Apple today released new iPhones including a costly top-end model with exclusive technologies such as facial recognition camera and organic LED display.
The 5.8-inch iPhone X uses the latin numeral for 10, like Apple's OS X desktop operating system did until it was renamed macOS.
It sits above the 5.5-inch dual camera iPhone 8 Plus which replaces last year's iPhone 7 Plus, which was also launched today along with a 4.7-inch iPhone 8 with a single camera.
Pre-orders for the iPhone X start on October 27 in Australia, with delivery from November 3.
The high-end device will cost A$1579 and $1829 for the 64GB and 256GB models respectively.
By comparison, the 64GB iPhone 8 and 8 Plus will cost $1079 and $1229 respectively, going to $1329 and $1479 for the 256GB models. The devices will have the same retina screens as the iPhone 7 and 7 Plus, with 1334 x 750 and 1920 x 1080 pixel resolution.
The iPhone X uses a markedly different design to the iPhone 8, thanks to a curved-edge screen and a notch at the top of the display for the TrueDepth camera system.
The screen uses OLED technology without backlighting, and has 2436 x 1125 pixel resolution. This gives it a density of 458 pixels per inch, the highest in any iPhone.
Apple has added support for high dynamic range (HDR10) and Dolby Vision and TrueTone wide-gamut colour in the OLED screen, which also features a one to million contrast ratio, along with 3D Touch haptic feedback.
As expected, Apple has removed the home button with the built-in Touch ID fingerprint authentication sensor on the iPhone X, replacing it with the Face ID visage recognition technology.
Face ID uses an infrared sensor, point mapping, and illumination of the user's face. It works in the dark as well as daylight.
Thanks to neural engine hardware on the new Apple A11 Bionic chipset, the authentication method learns a user's facial features, and can recognise them even when glasses and hats are worn, Apple claims.
The company says Face ID is more secure than Touch ID, with only a one in a million chance of the facial recognition being fooled by another user, compared to 1:50000 for the fingerprint sensor.
Apple also said Face ID can't be tricked with photographs, as it measures the depth of facial features and requires user interaction such as as swiping the screen to unlock the iPhone X.
It is unable to tell the difference between identical twins, however - Apple's vice president of software engineering Craig Federighi suggested users add a second authentication step if they have similar looking siblings who might unlock their iPhone Xs.
Face ID can be used with Apple Pay to authenticate transactions, like Touch ID.
The three new iPhones all support the LTE-A standard for cellular broadband.
New A11 chipset
Under the hood of the new iPhones sits Apple's in-house designed A11 Bionic chipset, which is a 2 x 4 processor core design.
For the first time, Apple has designed the graphical processing unit as well, providing a 30 percent speed increase for image and video performances, as well as machine learning capabilities.
Overall, the A11 Bionic is claimed to be between a quarter and 70 percent faster than the A10 predecessor, depending on which cores are used.
Apple has also added coprocessors for image processing, display pixel optimisation, and noise reduction.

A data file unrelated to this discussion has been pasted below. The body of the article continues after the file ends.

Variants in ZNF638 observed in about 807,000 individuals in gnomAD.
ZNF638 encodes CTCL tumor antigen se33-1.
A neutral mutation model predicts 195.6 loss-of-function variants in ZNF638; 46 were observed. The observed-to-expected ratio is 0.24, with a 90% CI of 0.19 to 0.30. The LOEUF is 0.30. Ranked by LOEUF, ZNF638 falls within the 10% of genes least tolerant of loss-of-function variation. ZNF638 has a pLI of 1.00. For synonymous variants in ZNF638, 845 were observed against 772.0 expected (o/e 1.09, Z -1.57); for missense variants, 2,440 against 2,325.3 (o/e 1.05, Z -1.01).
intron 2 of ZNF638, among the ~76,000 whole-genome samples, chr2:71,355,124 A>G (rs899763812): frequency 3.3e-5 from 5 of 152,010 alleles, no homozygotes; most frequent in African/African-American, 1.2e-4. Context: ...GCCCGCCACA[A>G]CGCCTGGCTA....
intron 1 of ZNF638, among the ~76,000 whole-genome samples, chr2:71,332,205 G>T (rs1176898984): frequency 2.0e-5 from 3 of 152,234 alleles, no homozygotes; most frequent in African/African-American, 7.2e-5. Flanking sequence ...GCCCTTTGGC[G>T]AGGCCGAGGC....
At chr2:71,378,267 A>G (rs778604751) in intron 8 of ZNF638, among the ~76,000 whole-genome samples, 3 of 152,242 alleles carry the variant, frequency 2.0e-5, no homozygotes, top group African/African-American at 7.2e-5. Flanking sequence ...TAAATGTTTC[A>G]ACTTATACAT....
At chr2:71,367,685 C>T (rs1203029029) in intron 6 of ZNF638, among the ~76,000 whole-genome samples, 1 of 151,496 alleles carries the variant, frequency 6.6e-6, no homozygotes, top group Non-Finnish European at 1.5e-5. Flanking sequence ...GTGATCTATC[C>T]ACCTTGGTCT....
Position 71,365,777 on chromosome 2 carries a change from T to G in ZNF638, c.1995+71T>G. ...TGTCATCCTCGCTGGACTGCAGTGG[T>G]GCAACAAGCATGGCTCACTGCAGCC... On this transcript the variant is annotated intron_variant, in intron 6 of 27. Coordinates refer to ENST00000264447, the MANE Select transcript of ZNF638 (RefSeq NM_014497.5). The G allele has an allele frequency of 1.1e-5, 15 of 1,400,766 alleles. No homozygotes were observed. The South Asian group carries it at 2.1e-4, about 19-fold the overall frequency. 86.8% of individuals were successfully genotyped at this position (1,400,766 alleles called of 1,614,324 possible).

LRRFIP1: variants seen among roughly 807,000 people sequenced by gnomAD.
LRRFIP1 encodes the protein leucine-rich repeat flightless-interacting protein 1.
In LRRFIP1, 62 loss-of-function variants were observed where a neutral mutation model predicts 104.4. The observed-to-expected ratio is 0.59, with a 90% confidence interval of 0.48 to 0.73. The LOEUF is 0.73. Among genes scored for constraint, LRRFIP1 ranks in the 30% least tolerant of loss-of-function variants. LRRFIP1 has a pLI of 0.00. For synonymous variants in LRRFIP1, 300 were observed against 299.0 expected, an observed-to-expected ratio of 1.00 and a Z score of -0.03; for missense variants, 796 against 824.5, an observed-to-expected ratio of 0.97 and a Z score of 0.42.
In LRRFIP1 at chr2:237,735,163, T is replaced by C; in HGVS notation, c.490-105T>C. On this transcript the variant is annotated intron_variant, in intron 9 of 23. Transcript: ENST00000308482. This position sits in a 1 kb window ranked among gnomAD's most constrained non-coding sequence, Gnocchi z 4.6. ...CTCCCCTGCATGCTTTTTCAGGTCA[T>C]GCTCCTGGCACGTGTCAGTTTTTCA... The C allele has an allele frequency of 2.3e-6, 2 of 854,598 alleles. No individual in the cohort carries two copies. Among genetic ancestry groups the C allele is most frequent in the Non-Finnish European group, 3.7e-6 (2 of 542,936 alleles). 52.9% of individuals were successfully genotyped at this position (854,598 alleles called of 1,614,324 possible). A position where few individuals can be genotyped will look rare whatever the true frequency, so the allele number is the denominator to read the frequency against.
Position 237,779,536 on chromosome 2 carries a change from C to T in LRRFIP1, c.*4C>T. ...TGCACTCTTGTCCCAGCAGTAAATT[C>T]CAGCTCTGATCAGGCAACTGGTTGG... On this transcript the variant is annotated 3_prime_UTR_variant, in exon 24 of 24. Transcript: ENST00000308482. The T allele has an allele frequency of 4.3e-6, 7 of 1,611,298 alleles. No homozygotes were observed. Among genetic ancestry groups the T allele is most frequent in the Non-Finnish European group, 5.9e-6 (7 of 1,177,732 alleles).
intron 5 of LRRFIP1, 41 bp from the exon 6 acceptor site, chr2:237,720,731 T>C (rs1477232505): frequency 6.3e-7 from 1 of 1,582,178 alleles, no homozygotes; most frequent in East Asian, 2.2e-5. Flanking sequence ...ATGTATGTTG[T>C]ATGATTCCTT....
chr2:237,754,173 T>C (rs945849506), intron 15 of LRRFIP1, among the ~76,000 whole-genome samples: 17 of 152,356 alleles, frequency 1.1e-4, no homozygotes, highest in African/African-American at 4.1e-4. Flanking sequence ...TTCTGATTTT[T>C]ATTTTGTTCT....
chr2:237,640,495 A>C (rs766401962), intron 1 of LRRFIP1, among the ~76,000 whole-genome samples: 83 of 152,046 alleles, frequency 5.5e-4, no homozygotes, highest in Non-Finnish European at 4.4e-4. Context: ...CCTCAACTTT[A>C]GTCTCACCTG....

The A11 Bionic neural engine that powers Face ID features an Apple-designed dual core processor that the company claims is capable of 600 billion operations per second.
As launched last year, Apple has made augmented reality (AR) with 3D graphics a prominent feature for the new iPhones, and the hardware has been optimised to provide the necessary performance for games and other applications.
Focus on photography
All three iPhones have newly designed rear cameras, with improved sensors but keeping the same 12 megapixel resolution as before.
The iPhone 8 Plus has an f/1.8 aperture wide-angle camera with optical image stabilisation (OIS), and with the f/2.8 telephoto imager, it can make use of portrait mode with shallow depth of focus, alongside a feature that allows users to pick different studio lighting in real-time for portraits.
Apple added a faster, f/2.4 telephoto lens to the iPhone X, and the longer lens also gets OIS, and a quad-LED flash that can do slow synch.
New camera modes include 1080p at 240 frames per second for slow-motion, and for video, 4K at 60fps.
On the iPhone X, the 7 megapixel front "selfie" camera can now do portrait mode with digitally created bokeh or blurred backgrounds as well.
Qi wireless charging
Apple is catching up with competitors and is now offering wireless charging using the open standard Qi devices for its new iPhones.
To work with wireless charging, the iPhone 8, 8 Plus and X have glass bodies instead of aluminum, which are reinforced with laser-welded steel mesh for greater durability.
The company said it will work with the Qi consortium to release next year a charging pad that allows users to place more than one device on it to charge their batteries.
This month also sees the availability of Apple's revamped Watch wearable device.
The Watch Series 3 sports full 4G LTE and UMTS cellular radio for independent operation with no iPhone companion device required, and a faster dual-core processor, as well as a barometric altimeter sensor.
Australia will be among the first countries to get the Watch Series 3 , with the LTE enabled model starting at $559 and local availability from September 15.
Local content, 4K HDR for Apple TV
Apple's entertainment hardware offering, the Apple TV, will go on sale in Australia on September 22.
It brings 4K resolution along with high dynamic range through the HDR10 standard as well as Dolby Vision. The company said HD titles will be automatically upgraded to 4K in customers' Apple TV libraries.
Apple TV will cost $249 for the 32GB model, and $279 for 64GB.